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Brad Fitzpatrick

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class UsefulStream { ... } [Dec. 21st, 2003|10:10 pm]
Brad Fitzpatrick
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jwz comments:
The fact that I wasn't able to use the various String classes, and had to write my own "network buffer" class to do protocol-ish stuff was one of my earliest gripes with Java, too.
And sure enough, that turned out to be my solution in C# as well.

Made a class "UsefulStream" which has an async method "BeginGetLine" taking the .NET-standard AsyncCallback delegate. The class then sees if it has a line. If not, begins an async read with an internal callback. Keeps checking for lines or eof, reading more as necessary. Eventually calls back into the caller's callback with the useless IAsyncResult value (I used null). Then caller invokes EndGetLine() on its UsefulStream instance, which returns the String, or null if EOF.

This actually makes things pretty easy now. I can centralize timeouts inside that class. I'll probably mimic Apache with both soft and hard timeouts (time since last read, time since first read).

UsefulStream always assumes lines are ASCII. (as protocol headers tend to be... except memcached's text protocol, which supports object key names with 8bit, I believe... feh)

And next I plan to add normal "BeginRead/EndRead" to UsefulStream, which pretty much wrap the normal NetworkStream, but also return the left-over crap that was read in while we were reading lines. (it already works the other way around: switching from getting byte chunks to reading lines...)

But yeah, hacky.

And of course this is all 2 fucking lines in Perl:

$line = <F>
read(F, $dst_scalar, $n_bytes_to_read);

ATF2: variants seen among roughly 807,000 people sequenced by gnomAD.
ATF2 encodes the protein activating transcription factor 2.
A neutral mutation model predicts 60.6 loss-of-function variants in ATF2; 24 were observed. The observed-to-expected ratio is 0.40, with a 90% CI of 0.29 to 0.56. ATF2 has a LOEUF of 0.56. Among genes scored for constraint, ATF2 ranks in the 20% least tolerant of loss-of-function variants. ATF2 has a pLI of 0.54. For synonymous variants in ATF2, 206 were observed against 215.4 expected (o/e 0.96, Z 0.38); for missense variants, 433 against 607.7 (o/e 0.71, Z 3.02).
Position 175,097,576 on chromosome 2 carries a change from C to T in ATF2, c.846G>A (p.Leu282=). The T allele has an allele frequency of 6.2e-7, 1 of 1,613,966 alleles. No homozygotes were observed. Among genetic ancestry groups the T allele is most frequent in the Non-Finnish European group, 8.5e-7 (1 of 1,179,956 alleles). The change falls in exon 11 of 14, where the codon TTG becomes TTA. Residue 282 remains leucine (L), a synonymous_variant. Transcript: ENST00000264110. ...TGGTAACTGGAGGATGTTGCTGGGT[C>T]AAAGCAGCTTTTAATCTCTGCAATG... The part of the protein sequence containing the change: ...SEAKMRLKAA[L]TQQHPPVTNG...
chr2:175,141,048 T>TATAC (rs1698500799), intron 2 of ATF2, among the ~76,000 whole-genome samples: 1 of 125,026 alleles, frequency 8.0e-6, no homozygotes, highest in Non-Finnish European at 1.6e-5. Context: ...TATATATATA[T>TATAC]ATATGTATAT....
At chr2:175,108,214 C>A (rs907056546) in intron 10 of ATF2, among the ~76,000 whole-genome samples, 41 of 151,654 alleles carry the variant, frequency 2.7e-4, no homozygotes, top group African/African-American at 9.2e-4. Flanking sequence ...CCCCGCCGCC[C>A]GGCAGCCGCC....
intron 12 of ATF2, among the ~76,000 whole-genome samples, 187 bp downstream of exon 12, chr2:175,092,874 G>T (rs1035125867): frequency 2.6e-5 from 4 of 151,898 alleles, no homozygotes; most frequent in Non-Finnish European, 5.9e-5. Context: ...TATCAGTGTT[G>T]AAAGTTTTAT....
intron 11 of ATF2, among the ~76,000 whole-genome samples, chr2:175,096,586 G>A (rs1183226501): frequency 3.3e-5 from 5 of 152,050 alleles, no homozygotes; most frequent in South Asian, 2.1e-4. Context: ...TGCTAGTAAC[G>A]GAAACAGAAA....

(and you can even change the line separator with $/ !)

I love you Perl.

[User Picture]From: jwz
2003-12-21 10:22 pm (UTC)
It's only 2 lines in Perl once you've figured out how to break the legs off of its Unicode support so that it doesn't do Bad Craziness to your octet-stream on the way in!
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[User Picture]From: brad
2003-12-21 10:53 pm (UTC)
Yeah. :-(

Which is why I use Perl 5.6 still in production.

But the misfeature you're refering to is actually fixed in 5.8.1: when your terminal supported UTF-8 (which RedHat did by default, which you used) then stdin was assumed to be in utf-8.

But I think I gave Perl too much credit in another regard: those two lines block. The little UsefulStream class I did is all async, which is damn near impossible in Perl. Perl has the incredibly obtuse and slow POE.pm, but that's about it.

I think Python and its twisted library wins for this proboem.
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[User Picture]From: taral
2003-12-22 09:04 am (UTC)
I don't get it. Why are you doing async IO instead of sync IO? The perl code you posted is certainly synchronous.
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